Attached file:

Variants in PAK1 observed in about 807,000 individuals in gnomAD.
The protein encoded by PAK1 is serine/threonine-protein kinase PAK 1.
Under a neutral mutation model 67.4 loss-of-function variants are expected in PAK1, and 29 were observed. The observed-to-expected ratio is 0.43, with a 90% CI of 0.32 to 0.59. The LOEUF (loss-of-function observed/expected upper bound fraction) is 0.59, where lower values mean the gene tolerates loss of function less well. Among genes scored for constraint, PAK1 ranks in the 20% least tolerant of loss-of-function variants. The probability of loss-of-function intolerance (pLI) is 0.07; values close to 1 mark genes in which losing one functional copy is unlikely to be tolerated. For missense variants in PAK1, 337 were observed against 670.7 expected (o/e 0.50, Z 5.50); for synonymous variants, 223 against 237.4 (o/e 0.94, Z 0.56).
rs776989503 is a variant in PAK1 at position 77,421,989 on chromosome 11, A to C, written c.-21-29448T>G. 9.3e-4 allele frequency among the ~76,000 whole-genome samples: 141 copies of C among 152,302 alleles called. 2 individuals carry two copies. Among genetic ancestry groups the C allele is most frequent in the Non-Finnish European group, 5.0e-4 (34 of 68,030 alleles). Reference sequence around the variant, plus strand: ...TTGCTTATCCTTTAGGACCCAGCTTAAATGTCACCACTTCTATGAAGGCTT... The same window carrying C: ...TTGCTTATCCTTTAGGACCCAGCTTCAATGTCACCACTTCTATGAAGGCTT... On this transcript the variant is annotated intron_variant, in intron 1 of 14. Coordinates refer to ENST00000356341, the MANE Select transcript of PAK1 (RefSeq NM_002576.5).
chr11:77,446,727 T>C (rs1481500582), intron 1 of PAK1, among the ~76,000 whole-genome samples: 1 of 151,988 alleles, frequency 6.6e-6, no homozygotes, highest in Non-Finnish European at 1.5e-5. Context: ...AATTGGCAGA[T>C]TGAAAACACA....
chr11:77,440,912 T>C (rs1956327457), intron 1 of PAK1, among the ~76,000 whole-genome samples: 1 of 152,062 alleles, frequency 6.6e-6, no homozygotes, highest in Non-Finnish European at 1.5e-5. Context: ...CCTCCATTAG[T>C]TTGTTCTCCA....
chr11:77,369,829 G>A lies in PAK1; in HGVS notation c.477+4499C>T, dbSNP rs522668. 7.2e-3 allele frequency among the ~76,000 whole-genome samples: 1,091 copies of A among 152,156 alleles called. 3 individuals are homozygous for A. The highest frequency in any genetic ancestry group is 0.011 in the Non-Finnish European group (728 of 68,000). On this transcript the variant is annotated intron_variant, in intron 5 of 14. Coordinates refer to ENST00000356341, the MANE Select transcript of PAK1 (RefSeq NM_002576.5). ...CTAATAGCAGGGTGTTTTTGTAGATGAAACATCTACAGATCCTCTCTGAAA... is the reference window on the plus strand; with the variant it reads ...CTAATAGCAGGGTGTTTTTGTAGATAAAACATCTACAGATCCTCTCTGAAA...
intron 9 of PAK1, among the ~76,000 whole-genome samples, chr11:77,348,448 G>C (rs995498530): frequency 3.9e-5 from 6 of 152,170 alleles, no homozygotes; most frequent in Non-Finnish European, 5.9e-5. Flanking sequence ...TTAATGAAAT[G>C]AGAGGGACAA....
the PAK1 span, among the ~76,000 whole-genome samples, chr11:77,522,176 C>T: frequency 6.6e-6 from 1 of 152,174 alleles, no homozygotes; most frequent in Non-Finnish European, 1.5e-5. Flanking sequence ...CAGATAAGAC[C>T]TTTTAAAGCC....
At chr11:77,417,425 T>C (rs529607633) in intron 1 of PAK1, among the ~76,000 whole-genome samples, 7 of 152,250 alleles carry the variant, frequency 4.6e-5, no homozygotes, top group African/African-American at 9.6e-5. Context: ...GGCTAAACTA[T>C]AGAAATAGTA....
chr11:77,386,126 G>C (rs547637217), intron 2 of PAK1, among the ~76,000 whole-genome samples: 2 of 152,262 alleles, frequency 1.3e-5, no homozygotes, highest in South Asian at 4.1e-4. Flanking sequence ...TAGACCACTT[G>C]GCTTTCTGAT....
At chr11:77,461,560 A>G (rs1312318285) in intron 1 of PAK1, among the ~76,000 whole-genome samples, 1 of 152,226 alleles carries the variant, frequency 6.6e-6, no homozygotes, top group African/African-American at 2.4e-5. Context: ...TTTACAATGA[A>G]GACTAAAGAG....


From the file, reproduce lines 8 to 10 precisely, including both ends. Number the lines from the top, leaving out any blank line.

intron 9 of PAK1, among the ~76,000 whole-genome samples, chr11:77,348,448 G>C (rs995498530): frequency 3.9e-5 from 6 of 152,170 alleles, no homozygotes; most frequent in Non-Finnish European, 5.9e-5. Flanking sequence ...TTAATGAAAT[G>C]AGAGGGACAA....
the PAK1 span, among the ~76,000 whole-genome samples, chr11:77,522,176 C>T: frequency 6.6e-6 from 1 of 152,174 alleles, no homozygotes; most frequent in Non-Finnish European, 1.5e-5. Flanking sequence ...CAGATAAGAC[C>T]TTTTAAAGCC....
At chr11:77,417,425 T>C (rs529607633) in intron 1 of PAK1, among the ~76,000 whole-genome samples, 7 of 152,250 alleles carry the variant, frequency 4.6e-5, no homozygotes, top group African/African-American at 9.6e-5. Context: ...GGCTAAACTA[T>C]AGAAATAGTA....